Is radioactivity of a substance a chemical property?
A chemical property is one in which the chemical composition of a material changes. Generally, a chemical reaction is also involved in the process. An example of a chemical property is oxidation of a substance.
A physical property, on the other hand, does not need any change in composition and is observable. Examples of physical property include density or mass of a substance.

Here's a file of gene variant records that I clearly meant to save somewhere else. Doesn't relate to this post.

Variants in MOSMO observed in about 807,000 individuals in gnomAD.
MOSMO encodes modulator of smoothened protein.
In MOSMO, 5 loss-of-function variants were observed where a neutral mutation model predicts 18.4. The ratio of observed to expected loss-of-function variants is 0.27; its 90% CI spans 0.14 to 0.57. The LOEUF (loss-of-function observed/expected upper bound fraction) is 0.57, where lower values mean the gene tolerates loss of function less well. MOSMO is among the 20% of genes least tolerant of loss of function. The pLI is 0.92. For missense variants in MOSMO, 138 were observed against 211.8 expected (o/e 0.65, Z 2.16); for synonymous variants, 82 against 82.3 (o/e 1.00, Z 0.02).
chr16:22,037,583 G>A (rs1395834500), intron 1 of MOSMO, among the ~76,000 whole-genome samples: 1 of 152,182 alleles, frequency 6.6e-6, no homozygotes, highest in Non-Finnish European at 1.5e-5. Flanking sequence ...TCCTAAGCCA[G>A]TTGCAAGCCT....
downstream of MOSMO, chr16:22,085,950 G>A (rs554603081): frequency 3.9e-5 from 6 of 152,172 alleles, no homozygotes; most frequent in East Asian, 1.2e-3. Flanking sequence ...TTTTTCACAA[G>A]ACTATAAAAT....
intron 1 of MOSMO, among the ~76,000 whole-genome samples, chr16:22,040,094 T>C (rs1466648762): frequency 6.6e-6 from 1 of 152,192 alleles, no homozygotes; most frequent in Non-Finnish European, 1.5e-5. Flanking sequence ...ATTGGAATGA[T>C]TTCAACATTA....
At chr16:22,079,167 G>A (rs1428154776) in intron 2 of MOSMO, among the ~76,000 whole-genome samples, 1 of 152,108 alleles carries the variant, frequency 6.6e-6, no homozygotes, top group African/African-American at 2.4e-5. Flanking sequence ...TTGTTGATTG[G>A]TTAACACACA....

Radioactivity is the spontaneous generation of particles from an atom (or more specifically, its nucleus). The particles that are released, include alpha, beta and gamma particles, all of which causes changes in the number of sub-atomic particles in the atom. Generally, newer elements are formed as a result of radioactive decay. For example, radioactivity of uranium-238 generates thorium (an element of lower atomic number and mass than uranium) and an alpha particle. Since, changes at chemical level take place and since the composition of the material changes, radioactivity is a chemical property.
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